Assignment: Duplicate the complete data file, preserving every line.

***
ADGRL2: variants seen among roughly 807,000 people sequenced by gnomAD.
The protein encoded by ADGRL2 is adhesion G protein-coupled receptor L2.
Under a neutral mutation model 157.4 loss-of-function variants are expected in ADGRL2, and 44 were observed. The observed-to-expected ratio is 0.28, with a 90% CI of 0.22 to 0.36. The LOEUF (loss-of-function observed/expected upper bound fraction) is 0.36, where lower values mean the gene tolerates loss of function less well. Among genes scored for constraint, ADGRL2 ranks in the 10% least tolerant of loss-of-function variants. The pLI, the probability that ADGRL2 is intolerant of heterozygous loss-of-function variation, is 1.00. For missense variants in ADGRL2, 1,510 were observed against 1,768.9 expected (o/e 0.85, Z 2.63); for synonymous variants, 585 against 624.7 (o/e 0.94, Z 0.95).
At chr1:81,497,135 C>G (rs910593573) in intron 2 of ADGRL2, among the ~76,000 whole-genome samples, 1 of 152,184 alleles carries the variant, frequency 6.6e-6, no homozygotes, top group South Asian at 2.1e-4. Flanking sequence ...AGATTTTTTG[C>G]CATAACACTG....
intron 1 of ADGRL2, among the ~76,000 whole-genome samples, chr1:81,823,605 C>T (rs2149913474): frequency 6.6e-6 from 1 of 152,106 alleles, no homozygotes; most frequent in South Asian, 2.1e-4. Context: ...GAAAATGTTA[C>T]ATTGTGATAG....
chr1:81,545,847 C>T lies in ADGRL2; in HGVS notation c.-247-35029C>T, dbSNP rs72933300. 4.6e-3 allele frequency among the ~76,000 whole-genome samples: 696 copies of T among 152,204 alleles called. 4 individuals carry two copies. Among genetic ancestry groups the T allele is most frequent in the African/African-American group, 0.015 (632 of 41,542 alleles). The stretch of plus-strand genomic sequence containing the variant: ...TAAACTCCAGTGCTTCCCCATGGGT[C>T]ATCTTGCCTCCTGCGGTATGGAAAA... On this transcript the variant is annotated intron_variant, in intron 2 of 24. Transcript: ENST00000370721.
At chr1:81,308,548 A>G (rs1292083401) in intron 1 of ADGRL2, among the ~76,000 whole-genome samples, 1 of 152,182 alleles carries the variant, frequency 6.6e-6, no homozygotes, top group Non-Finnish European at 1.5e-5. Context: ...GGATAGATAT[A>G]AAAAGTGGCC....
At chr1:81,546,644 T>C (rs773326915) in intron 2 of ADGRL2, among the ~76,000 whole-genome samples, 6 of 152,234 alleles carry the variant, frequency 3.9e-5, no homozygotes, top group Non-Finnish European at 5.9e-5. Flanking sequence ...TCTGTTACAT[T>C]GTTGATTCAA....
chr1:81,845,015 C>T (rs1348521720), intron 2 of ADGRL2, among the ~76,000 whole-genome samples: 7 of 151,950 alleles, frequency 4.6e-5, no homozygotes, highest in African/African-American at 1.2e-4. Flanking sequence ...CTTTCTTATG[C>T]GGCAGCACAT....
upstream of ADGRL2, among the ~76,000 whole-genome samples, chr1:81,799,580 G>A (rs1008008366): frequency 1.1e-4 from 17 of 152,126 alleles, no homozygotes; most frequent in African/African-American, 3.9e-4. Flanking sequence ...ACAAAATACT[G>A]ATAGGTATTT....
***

ADGRL2: variants seen among roughly 807,000 people sequenced by gnomAD.
The protein encoded by ADGRL2 is adhesion G protein-coupled receptor L2.
Under a neutral mutation model 157.4 loss-of-function variants are expected in ADGRL2, and 44 were observed. The observed-to-expected ratio is 0.28, with a 90% CI of 0.22 to 0.36. The LOEUF (loss-of-function observed/expected upper bound fraction) is 0.36, where lower values mean the gene tolerates loss of function less well. Among genes scored for constraint, ADGRL2 ranks in the 10% least tolerant of loss-of-function variants. The pLI, the probability that ADGRL2 is intolerant of heterozygous loss-of-function variation, is 1.00. For missense variants in ADGRL2, 1,510 were observed against 1,768.9 expected (o/e 0.85, Z 2.63); for synonymous variants, 585 against 624.7 (o/e 0.94, Z 0.95).
At chr1:81,497,135 C>G (rs910593573) in intron 2 of ADGRL2, among the ~76,000 whole-genome samples, 1 of 152,184 alleles carries the variant, frequency 6.6e-6, no homozygotes, top group South Asian at 2.1e-4. Flanking sequence ...AGATTTTTTG[C>G]CATAACACTG....
intron 1 of ADGRL2, among the ~76,000 whole-genome samples, chr1:81,823,605 C>T (rs2149913474): frequency 6.6e-6 from 1 of 152,106 alleles, no homozygotes; most frequent in South Asian, 2.1e-4. Context: ...GAAAATGTTA[C>T]ATTGTGATAG....
chr1:81,545,847 C>T lies in ADGRL2; in HGVS notation c.-247-35029C>T, dbSNP rs72933300. 4.6e-3 allele frequency among the ~76,000 whole-genome samples: 696 copies of T among 152,204 alleles called. 4 individuals carry two copies. Among genetic ancestry groups the T allele is most frequent in the African/African-American group, 0.015 (632 of 41,542 alleles). The stretch of plus-strand genomic sequence containing the variant: ...TAAACTCCAGTGCTTCCCCATGGGT[C>T]ATCTTGCCTCCTGCGGTATGGAAAA... On this transcript the variant is annotated intron_variant, in intron 2 of 24. Transcript: ENST00000370721.
At chr1:81,308,548 A>G (rs1292083401) in intron 1 of ADGRL2, among the ~76,000 whole-genome samples, 1 of 152,182 alleles carries the variant, frequency 6.6e-6, no homozygotes, top group Non-Finnish European at 1.5e-5. Context: ...GGATAGATAT[A>G]AAAAGTGGCC....
At chr1:81,546,644 T>C (rs773326915) in intron 2 of ADGRL2, among the ~76,000 whole-genome samples, 6 of 152,234 alleles carry the variant, frequency 3.9e-5, no homozygotes, top group Non-Finnish European at 5.9e-5. Flanking sequence ...TCTGTTACAT[T>C]GTTGATTCAA....
chr1:81,845,015 C>T (rs1348521720), intron 2 of ADGRL2, among the ~76,000 whole-genome samples: 7 of 151,950 alleles, frequency 4.6e-5, no homozygotes, highest in African/African-American at 1.2e-4. Flanking sequence ...CTTTCTTATG[C>T]GGCAGCACAT....
upstream of ADGRL2, among the ~76,000 whole-genome samples, chr1:81,799,580 G>A (rs1008008366): frequency 1.1e-4 from 17 of 152,126 alleles, no homozygotes; most frequent in African/African-American, 3.9e-4. Flanking sequence ...ACAAAATACT[G>A]ATAGGTATTT....